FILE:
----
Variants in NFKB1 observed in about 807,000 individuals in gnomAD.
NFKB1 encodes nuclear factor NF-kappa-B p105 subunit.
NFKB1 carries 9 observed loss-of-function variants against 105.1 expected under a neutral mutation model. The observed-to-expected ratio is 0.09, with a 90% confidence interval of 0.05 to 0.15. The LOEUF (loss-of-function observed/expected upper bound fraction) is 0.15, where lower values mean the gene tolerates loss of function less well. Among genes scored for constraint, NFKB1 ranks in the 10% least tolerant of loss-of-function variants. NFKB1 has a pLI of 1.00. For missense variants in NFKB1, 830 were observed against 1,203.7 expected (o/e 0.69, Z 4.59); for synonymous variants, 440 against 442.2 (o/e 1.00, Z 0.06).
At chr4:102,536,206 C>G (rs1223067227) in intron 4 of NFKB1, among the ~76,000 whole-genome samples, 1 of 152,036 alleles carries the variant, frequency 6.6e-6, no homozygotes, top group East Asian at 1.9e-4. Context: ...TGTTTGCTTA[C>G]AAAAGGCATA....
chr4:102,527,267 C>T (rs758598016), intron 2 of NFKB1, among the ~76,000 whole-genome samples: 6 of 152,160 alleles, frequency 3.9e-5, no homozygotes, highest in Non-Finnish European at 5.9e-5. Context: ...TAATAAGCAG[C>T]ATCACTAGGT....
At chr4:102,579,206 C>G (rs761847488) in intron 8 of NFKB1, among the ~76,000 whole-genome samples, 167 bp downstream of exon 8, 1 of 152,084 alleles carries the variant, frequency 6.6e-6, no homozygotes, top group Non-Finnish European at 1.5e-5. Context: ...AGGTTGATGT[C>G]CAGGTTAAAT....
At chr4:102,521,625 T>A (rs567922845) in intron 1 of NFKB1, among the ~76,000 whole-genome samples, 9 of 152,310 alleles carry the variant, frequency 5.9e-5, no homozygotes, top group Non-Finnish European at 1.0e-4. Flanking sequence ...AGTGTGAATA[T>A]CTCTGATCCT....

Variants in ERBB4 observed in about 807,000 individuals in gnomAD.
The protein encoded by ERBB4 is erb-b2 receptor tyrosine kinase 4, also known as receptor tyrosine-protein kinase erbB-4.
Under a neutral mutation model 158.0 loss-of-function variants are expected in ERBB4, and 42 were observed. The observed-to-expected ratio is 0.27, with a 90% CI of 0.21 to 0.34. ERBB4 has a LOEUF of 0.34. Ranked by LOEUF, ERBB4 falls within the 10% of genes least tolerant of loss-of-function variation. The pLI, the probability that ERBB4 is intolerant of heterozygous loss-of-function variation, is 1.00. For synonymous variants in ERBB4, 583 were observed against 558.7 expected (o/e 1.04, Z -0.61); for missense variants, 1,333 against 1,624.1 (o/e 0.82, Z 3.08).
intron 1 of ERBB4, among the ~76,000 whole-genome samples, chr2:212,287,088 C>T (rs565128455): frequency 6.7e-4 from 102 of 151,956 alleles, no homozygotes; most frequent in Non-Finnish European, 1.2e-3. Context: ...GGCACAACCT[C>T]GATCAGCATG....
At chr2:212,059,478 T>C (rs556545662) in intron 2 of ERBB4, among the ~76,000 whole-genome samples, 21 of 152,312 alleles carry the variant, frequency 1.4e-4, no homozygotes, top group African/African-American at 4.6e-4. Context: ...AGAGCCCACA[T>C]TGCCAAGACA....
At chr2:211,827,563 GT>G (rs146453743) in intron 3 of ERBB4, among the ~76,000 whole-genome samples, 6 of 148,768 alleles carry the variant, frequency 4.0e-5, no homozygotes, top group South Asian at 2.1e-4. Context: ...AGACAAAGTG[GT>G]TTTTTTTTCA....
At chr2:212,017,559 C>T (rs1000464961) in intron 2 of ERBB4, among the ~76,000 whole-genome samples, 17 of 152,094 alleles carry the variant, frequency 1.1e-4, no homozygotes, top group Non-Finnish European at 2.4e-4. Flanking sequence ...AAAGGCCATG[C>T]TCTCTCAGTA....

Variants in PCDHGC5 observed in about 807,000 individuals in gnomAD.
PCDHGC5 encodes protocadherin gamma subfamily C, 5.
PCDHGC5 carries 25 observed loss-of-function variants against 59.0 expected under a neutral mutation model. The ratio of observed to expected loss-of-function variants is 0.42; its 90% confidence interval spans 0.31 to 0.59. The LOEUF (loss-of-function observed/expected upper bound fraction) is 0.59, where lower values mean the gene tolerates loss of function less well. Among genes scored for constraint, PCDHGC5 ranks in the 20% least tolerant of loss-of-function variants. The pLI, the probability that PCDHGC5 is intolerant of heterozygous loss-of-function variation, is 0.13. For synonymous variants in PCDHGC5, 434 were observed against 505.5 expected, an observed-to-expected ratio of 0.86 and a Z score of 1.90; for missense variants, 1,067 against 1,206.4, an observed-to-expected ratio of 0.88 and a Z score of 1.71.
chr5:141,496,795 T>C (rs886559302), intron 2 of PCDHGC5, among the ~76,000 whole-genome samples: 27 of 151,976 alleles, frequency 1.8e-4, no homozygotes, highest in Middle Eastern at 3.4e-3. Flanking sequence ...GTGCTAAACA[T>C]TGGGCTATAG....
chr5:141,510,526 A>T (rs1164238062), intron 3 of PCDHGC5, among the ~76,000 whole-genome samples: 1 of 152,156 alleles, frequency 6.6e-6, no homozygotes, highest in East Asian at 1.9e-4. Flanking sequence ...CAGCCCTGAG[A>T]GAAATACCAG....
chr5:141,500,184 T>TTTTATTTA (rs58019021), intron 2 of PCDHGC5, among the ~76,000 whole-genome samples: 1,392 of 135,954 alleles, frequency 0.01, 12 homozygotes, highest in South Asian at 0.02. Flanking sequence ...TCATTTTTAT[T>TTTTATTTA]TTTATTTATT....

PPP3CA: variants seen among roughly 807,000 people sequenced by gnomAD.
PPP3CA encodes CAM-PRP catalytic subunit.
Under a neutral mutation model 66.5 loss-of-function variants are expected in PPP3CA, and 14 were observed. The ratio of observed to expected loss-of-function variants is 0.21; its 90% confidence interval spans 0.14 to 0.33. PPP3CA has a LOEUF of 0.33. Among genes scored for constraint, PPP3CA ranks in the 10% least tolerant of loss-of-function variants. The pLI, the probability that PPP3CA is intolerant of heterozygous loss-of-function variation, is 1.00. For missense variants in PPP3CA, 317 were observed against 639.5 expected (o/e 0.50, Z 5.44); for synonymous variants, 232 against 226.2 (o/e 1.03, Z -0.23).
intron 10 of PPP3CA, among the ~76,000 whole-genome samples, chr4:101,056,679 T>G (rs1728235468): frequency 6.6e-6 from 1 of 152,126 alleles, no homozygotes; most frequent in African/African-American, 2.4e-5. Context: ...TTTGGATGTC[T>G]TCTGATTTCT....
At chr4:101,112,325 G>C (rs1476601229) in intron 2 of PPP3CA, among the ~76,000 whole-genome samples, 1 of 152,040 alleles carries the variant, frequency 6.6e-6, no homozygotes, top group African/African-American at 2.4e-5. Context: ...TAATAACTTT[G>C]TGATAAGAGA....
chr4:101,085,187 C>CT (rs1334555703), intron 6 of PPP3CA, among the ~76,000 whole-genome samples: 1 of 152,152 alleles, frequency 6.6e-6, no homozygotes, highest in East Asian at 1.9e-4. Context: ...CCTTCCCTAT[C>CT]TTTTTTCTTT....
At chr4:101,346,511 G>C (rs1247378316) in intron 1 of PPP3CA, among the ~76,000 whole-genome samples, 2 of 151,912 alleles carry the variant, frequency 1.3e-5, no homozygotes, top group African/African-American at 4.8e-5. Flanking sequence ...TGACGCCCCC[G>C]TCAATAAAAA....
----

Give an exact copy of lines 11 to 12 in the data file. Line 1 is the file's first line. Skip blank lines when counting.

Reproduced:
intron 1 of ERBB4, among the ~76,000 whole-genome samples, chr2:212,287,088 C>T (rs565128455): frequency 6.7e-4 from 102 of 151,956 alleles, no homozygotes; most frequent in Non-Finnish European, 1.2e-3. Context: ...GGCACAACCT[C>T]GATCAGCATG....
At chr2:212,059,478 T>C (rs556545662) in intron 2 of ERBB4, among the ~76,000 whole-genome samples, 21 of 152,312 alleles carry the variant, frequency 1.4e-4, no homozygotes, top group African/African-American at 4.6e-4. Context: ...AGAGCCCACA[T>C]TGCCAAGACA....